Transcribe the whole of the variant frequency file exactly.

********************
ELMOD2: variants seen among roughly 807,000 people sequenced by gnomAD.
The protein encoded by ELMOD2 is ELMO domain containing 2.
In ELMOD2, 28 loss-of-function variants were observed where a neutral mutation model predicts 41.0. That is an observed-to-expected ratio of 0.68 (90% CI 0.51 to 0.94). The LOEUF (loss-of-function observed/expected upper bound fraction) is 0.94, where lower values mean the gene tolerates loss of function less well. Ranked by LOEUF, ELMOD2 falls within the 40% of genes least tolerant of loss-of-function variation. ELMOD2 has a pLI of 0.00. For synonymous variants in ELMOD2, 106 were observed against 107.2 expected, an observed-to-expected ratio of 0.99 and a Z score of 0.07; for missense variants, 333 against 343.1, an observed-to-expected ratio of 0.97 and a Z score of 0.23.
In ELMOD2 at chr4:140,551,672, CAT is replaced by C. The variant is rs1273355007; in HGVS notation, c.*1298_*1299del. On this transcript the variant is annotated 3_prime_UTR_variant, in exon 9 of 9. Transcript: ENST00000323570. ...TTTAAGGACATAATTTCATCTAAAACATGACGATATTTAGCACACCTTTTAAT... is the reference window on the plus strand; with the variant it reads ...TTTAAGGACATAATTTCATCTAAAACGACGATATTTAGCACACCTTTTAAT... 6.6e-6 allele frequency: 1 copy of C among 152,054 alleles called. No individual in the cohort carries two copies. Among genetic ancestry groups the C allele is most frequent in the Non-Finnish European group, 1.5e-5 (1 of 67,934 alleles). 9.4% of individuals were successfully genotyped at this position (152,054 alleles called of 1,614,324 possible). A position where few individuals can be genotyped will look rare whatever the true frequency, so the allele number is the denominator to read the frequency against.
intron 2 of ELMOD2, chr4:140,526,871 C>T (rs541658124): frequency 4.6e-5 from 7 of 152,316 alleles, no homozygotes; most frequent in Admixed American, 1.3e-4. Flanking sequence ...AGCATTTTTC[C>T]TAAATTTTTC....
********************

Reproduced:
ELMOD2: variants seen among roughly 807,000 people sequenced by gnomAD.
The protein encoded by ELMOD2 is ELMO domain containing 2.
In ELMOD2, 28 loss-of-function variants were observed where a neutral mutation model predicts 41.0. That is an observed-to-expected ratio of 0.68 (90% CI 0.51 to 0.94). The LOEUF (loss-of-function observed/expected upper bound fraction) is 0.94, where lower values mean the gene tolerates loss of function less well. Ranked by LOEUF, ELMOD2 falls within the 40% of genes least tolerant of loss-of-function variation. ELMOD2 has a pLI of 0.00. For synonymous variants in ELMOD2, 106 were observed against 107.2 expected, an observed-to-expected ratio of 0.99 and a Z score of 0.07; for missense variants, 333 against 343.1, an observed-to-expected ratio of 0.97 and a Z score of 0.23.
In ELMOD2 at chr4:140,551,672, CAT is replaced by C. The variant is rs1273355007; in HGVS notation, c.*1298_*1299del. On this transcript the variant is annotated 3_prime_UTR_variant, in exon 9 of 9. Transcript: ENST00000323570. ...TTTAAGGACATAATTTCATCTAAAACATGACGATATTTAGCACACCTTTTAAT... is the reference window on the plus strand; with the variant it reads ...TTTAAGGACATAATTTCATCTAAAACGACGATATTTAGCACACCTTTTAAT... 6.6e-6 allele frequency: 1 copy of C among 152,054 alleles called. No individual in the cohort carries two copies. Among genetic ancestry groups the C allele is most frequent in the Non-Finnish European group, 1.5e-5 (1 of 67,934 alleles). 9.4% of individuals were successfully genotyped at this position (152,054 alleles called of 1,614,324 possible). A position where few individuals can be genotyped will look rare whatever the true frequency, so the allele number is the denominator to read the frequency against.
intron 2 of ELMOD2, chr4:140,526,871 C>T (rs541658124): frequency 4.6e-5 from 7 of 152,316 alleles, no homozygotes; most frequent in Admixed American, 1.3e-4. Flanking sequence ...AGCATTTTTC[C>T]TAAATTTTTC....